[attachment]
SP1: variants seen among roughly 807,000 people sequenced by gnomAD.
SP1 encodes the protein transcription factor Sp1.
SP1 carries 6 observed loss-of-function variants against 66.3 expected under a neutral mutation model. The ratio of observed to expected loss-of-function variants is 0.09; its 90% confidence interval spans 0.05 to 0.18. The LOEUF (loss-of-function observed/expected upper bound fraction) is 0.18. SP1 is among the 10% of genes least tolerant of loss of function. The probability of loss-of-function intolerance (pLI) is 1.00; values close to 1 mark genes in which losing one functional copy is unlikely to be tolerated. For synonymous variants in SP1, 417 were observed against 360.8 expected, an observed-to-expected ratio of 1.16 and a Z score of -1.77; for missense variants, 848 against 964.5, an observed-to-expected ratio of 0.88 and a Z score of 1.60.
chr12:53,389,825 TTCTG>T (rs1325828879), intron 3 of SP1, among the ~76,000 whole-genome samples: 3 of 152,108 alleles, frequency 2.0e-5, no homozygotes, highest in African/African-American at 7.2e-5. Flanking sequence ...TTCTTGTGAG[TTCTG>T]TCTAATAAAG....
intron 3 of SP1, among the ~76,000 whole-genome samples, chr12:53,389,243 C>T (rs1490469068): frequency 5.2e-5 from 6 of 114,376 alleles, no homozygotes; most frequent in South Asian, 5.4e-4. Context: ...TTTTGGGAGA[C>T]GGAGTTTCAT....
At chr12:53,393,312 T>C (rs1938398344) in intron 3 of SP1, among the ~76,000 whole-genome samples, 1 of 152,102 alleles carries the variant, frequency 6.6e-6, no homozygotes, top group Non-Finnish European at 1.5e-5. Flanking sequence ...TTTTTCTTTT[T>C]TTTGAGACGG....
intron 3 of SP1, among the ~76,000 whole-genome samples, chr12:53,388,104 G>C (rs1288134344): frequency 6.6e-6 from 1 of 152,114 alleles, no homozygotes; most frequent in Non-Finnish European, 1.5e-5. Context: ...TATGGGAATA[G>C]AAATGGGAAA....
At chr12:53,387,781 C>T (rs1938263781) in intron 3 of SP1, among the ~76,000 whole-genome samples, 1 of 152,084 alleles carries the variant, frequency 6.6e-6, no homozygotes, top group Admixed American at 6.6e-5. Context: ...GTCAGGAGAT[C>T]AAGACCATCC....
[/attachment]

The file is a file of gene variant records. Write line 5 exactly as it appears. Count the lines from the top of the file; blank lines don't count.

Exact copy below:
intron 3 of SP1, among the ~76,000 whole-genome samples, chr12:53,389,243 C>T (rs1490469068): frequency 5.2e-5 from 6 of 114,376 alleles, no homozygotes; most frequent in South Asian, 5.4e-4. Context: ...TTTTGGGAGA[C>T]GGAGTTTCAT....